Philippines’ January external debt service more than doubles

THE PHILIPPINES’ external debt payments more than doubled in January as principal payments surged, central bank data showed.

Preliminary data from the Bangko Sentral ng Pilipinas (BSP) showed that the country’s external debt service burden soared by 110% to $1.729 billion from $823 million a year ago.

The debt service burden refers to the amount of money a country needs to pay back its foreign creditors.

Principal payments ballooned more than four times to $1.052 billion from $259 million a year earlier.

Interest payments jumped by 20% to $676 million from $564 million a year ago.

As of end-2023, the debt service burden was equivalent to 3.4% of gross domestic product (GDP), up from 2.1% in 2022.

Earlier data from the BSP showed that the country’s outstanding external debt rose to a record $125.4 billion at the end of 2023, higher by 12.7% from $111.3 billion a year earlier.

The external debt-to-GDP ratio stood at 28.7% in 2023. This was higher than 27.5% in the previous year.

“Most of the new global debt issuance in recent years took place in the first month of the year,” Rizal Commercial Banking Corp. Chief Economist Michael L. Ricafort said in a Viber message.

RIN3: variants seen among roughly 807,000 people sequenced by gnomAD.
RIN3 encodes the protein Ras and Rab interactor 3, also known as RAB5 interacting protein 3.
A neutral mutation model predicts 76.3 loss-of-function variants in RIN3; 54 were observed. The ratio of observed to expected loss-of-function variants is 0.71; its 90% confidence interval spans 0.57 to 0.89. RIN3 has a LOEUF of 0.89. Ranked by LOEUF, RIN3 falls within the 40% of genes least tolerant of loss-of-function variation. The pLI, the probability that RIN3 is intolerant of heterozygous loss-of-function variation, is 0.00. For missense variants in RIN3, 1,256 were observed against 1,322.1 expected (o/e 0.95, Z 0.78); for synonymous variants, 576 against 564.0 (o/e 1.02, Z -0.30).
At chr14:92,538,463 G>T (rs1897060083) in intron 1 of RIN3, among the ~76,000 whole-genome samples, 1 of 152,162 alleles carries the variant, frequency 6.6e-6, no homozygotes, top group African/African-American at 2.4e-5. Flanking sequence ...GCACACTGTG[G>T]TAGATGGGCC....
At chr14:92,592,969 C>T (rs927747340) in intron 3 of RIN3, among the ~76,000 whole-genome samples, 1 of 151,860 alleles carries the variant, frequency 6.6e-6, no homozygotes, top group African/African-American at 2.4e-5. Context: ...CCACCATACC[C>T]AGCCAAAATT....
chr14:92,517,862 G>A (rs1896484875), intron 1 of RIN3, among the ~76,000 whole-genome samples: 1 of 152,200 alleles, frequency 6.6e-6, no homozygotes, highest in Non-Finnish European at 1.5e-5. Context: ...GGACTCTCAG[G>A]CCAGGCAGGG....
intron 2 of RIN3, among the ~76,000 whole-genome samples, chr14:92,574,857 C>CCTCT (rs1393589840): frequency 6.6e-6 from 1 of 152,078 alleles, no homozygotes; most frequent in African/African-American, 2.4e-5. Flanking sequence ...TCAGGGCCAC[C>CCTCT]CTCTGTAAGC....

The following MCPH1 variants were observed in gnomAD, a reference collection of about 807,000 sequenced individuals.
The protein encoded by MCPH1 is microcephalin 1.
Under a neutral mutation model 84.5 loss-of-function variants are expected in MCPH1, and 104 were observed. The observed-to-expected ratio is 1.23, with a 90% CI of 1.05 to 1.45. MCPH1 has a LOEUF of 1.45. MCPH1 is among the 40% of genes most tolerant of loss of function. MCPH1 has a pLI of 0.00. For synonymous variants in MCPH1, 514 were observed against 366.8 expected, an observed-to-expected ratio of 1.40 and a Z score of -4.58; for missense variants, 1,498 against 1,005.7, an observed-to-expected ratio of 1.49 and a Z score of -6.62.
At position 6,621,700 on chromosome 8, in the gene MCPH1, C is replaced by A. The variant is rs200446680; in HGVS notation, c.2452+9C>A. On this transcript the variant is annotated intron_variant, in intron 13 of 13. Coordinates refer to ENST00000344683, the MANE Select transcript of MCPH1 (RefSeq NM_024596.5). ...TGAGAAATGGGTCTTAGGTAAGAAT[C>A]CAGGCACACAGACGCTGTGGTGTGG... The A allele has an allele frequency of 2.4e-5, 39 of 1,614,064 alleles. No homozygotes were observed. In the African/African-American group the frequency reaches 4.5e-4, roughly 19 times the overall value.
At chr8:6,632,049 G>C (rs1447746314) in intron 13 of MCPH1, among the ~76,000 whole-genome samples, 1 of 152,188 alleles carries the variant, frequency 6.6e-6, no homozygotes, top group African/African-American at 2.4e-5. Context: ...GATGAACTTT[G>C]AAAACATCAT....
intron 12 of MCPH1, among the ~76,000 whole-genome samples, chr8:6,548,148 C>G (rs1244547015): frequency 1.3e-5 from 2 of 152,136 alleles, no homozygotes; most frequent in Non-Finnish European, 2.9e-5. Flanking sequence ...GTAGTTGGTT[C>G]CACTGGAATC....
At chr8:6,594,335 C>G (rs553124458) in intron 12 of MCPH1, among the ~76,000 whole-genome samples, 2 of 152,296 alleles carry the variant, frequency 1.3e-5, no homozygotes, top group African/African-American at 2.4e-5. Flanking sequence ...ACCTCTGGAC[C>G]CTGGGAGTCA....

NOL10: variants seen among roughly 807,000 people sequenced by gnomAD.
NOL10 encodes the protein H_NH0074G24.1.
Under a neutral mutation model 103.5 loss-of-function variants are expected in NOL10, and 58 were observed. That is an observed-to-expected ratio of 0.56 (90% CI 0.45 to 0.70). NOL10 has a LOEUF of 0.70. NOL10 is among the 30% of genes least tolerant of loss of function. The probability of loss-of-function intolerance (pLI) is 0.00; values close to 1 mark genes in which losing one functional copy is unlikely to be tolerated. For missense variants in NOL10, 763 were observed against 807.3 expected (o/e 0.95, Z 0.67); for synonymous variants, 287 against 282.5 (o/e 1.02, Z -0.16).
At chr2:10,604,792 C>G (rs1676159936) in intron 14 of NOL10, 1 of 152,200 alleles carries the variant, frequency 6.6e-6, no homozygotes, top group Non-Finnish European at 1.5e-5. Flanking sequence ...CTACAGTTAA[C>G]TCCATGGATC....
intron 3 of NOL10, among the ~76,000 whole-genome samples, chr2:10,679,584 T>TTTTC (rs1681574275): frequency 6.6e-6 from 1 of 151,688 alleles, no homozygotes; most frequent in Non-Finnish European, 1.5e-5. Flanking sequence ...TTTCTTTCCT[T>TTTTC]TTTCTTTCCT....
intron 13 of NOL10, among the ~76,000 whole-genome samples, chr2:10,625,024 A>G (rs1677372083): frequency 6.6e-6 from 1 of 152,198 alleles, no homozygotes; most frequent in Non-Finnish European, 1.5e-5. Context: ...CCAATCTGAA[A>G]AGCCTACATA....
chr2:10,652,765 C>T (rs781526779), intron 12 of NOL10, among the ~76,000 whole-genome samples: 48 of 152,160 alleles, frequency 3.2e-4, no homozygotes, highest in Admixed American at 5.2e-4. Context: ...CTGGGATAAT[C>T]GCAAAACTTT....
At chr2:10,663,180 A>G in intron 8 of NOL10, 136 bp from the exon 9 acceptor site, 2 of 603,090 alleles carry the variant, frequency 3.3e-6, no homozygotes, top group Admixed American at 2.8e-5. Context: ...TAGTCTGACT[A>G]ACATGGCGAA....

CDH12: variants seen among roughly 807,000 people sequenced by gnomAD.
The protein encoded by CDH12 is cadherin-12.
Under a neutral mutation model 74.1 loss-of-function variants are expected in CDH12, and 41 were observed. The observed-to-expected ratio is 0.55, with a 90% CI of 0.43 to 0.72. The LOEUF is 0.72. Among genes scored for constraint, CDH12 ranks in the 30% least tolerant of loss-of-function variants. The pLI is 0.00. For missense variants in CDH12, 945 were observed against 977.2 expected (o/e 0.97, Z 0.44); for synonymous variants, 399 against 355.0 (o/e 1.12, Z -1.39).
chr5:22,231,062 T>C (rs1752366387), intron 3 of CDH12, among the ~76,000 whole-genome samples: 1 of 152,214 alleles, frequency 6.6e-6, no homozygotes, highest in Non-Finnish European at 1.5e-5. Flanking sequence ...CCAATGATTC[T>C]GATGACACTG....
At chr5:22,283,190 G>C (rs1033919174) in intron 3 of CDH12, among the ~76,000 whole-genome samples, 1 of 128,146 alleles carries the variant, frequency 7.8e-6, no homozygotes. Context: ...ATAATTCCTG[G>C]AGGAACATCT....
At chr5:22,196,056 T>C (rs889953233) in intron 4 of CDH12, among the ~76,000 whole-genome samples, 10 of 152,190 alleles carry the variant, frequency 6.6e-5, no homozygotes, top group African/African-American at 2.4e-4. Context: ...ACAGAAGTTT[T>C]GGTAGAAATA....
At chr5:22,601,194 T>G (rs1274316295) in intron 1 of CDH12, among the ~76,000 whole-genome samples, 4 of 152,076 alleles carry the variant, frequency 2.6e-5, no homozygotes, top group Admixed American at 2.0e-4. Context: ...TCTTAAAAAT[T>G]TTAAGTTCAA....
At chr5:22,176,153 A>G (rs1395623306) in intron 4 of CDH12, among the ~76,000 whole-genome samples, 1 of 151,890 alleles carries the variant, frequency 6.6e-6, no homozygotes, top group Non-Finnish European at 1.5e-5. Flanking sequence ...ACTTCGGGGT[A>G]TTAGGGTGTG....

In January 2023, the Philippines raised $3 billion from its US dollar bond issuance, the second global bond offering under the Marcos administration.

“Higher inflation and interest rates, especially since 2022, that increased borrowing costs also contributed to the increase in external debt servicing costs,” Mr. Ricafort said.

The BSP kept its benchmark rate steady at a near 17-year high of 6.5% for a fourth straight meeting in April. The central bank raised borrowing costs by 450 basis points from May 2022 to October 2023 to tame inflation.

Inflation accelerated for the first time in five months to 3.4% in February from 2.8% in January. The central bank expects inflation to average 3.8% this year.

“Higher external debt servicing costs in recent months could be attributed to larger budget deficits and foreign borrowings, both commercial and multilateral sources, since the COVID-19 pandemic, as some of these foreign loans mature and also led to higher foreign interest rate costs in recent years,” Mr. Ricafort added.

The National Government borrows from foreign and domestic creditors to finance the budget gap.

The Development Budget Coordination Committee recently revised the budget deficit ceiling this year to P1.48 trillion, equivalent to 5.6% of GDP. This is slightly higher than the previous P1.39-trillion ceiling, equivalent to 5.1% of GDP. — Luisa Maria Jacinta C. Jocson

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